Germany and ‘Fixation’
- 7 Downloads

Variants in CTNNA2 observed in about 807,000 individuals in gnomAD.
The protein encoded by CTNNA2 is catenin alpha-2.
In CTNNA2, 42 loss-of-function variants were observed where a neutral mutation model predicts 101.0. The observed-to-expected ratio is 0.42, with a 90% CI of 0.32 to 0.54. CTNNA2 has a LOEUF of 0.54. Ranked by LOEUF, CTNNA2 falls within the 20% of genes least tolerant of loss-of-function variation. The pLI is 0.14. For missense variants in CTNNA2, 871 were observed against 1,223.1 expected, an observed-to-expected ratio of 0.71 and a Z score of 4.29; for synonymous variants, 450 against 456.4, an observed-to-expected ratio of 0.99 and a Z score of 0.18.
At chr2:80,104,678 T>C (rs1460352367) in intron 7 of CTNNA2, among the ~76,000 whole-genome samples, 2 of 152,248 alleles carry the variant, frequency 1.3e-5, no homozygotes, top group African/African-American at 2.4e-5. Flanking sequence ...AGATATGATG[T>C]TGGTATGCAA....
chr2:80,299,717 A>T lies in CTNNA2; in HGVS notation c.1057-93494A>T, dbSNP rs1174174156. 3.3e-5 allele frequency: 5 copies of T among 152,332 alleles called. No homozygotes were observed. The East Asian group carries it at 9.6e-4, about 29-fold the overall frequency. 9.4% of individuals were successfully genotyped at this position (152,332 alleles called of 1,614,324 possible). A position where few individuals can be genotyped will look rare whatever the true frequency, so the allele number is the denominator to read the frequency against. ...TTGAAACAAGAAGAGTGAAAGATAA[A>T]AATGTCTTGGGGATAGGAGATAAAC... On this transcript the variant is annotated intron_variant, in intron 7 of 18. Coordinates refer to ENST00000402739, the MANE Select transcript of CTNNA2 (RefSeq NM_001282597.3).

On 31 July 1902, the German five-masted, steel clipper Preussen1 (the ‘Prussian’), left Geestemünde on the German north sea coast near Bremerhaven on her maiden voyage. Preussen remains the largest pure sailing ship ever to be built—partly on a whim of the autocratic German Kaiser Wilhelm II who insisted that Germany had the most prestigious vessels afloat—but principally because of Germany’s need to maintain an acutely important trade route with South America. On 18 June 1899 the German Kaiser visited the F. Laeisz shipping company at Hamburg and was shown around the five-masted barque Potosi by the legendary Captain Hilgendorf. At the end of the tour the Kaiser turned to Carl Laeisz and reportedly asked ‘Na, Laeisz, wann kommt denn nun das Fünfmastvollschiff?’2 Over the next three years, following the Kaiser’s ‘advice’, the Preussen emerged becoming the pride of the German five-masted South American fleet. She was huge, immensely strong, incredibly well equipped, able to cover thousands of sea miles at a steady 11–13 knots and she could transport a colossal cargo of 8000 metric tonnes.